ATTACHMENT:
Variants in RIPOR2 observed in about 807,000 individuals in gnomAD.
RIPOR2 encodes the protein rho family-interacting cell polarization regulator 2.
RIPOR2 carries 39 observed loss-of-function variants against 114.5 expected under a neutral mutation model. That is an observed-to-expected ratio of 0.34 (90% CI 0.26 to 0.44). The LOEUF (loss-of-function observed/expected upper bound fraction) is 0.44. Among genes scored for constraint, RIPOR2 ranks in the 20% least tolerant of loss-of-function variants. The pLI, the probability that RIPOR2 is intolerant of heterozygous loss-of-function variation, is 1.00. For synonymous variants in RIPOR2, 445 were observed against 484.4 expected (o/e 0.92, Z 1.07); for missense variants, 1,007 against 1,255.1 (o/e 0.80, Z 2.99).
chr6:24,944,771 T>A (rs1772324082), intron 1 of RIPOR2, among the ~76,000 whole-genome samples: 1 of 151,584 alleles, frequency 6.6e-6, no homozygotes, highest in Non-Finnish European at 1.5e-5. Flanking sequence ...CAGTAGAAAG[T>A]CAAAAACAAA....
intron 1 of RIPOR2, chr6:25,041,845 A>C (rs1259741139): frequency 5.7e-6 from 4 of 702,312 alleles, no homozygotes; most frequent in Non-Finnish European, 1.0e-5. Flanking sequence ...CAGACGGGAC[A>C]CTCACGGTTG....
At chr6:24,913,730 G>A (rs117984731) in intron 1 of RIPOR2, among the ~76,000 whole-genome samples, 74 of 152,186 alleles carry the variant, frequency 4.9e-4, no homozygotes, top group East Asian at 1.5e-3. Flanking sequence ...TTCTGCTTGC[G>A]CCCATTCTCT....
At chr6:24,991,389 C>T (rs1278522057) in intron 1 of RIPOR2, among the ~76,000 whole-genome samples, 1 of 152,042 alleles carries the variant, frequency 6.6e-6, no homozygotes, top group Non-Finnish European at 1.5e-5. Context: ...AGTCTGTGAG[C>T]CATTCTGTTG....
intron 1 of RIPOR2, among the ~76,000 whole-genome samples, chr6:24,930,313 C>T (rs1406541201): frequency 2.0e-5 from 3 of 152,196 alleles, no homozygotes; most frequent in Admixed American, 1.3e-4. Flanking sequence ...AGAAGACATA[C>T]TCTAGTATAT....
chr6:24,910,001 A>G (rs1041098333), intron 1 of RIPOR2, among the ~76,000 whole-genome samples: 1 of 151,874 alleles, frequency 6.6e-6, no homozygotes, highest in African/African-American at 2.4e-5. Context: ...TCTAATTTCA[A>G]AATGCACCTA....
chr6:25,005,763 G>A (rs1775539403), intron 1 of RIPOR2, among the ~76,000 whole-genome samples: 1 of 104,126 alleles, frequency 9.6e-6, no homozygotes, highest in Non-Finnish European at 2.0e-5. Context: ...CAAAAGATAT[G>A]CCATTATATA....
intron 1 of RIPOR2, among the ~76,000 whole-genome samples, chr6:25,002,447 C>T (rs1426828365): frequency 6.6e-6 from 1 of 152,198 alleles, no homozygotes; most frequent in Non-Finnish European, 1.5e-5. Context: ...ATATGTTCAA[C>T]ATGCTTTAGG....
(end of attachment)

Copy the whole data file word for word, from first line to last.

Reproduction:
Variants in RIPOR2 observed in about 807,000 individuals in gnomAD.
RIPOR2 encodes the protein rho family-interacting cell polarization regulator 2.
RIPOR2 carries 39 observed loss-of-function variants against 114.5 expected under a neutral mutation model. That is an observed-to-expected ratio of 0.34 (90% CI 0.26 to 0.44). The LOEUF (loss-of-function observed/expected upper bound fraction) is 0.44. Among genes scored for constraint, RIPOR2 ranks in the 20% least tolerant of loss-of-function variants. The pLI, the probability that RIPOR2 is intolerant of heterozygous loss-of-function variation, is 1.00. For synonymous variants in RIPOR2, 445 were observed against 484.4 expected (o/e 0.92, Z 1.07); for missense variants, 1,007 against 1,255.1 (o/e 0.80, Z 2.99).
chr6:24,944,771 T>A (rs1772324082), intron 1 of RIPOR2, among the ~76,000 whole-genome samples: 1 of 151,584 alleles, frequency 6.6e-6, no homozygotes, highest in Non-Finnish European at 1.5e-5. Flanking sequence ...CAGTAGAAAG[T>A]CAAAAACAAA....
intron 1 of RIPOR2, chr6:25,041,845 A>C (rs1259741139): frequency 5.7e-6 from 4 of 702,312 alleles, no homozygotes; most frequent in Non-Finnish European, 1.0e-5. Flanking sequence ...CAGACGGGAC[A>C]CTCACGGTTG....
At chr6:24,913,730 G>A (rs117984731) in intron 1 of RIPOR2, among the ~76,000 whole-genome samples, 74 of 152,186 alleles carry the variant, frequency 4.9e-4, no homozygotes, top group East Asian at 1.5e-3. Flanking sequence ...TTCTGCTTGC[G>A]CCCATTCTCT....
At chr6:24,991,389 C>T (rs1278522057) in intron 1 of RIPOR2, among the ~76,000 whole-genome samples, 1 of 152,042 alleles carries the variant, frequency 6.6e-6, no homozygotes, top group Non-Finnish European at 1.5e-5. Context: ...AGTCTGTGAG[C>T]CATTCTGTTG....
intron 1 of RIPOR2, among the ~76,000 whole-genome samples, chr6:24,930,313 C>T (rs1406541201): frequency 2.0e-5 from 3 of 152,196 alleles, no homozygotes; most frequent in Admixed American, 1.3e-4. Flanking sequence ...AGAAGACATA[C>T]TCTAGTATAT....
chr6:24,910,001 A>G (rs1041098333), intron 1 of RIPOR2, among the ~76,000 whole-genome samples: 1 of 151,874 alleles, frequency 6.6e-6, no homozygotes, highest in African/African-American at 2.4e-5. Context: ...TCTAATTTCA[A>G]AATGCACCTA....
chr6:25,005,763 G>A (rs1775539403), intron 1 of RIPOR2, among the ~76,000 whole-genome samples: 1 of 104,126 alleles, frequency 9.6e-6, no homozygotes, highest in Non-Finnish European at 2.0e-5. Context: ...CAAAAGATAT[G>A]CCATTATATA....
intron 1 of RIPOR2, among the ~76,000 whole-genome samples, chr6:25,002,447 C>T (rs1426828365): frequency 6.6e-6 from 1 of 152,198 alleles, no homozygotes; most frequent in Non-Finnish European, 1.5e-5. Context: ...ATATGTTCAA[C>T]ATGCTTTAGG....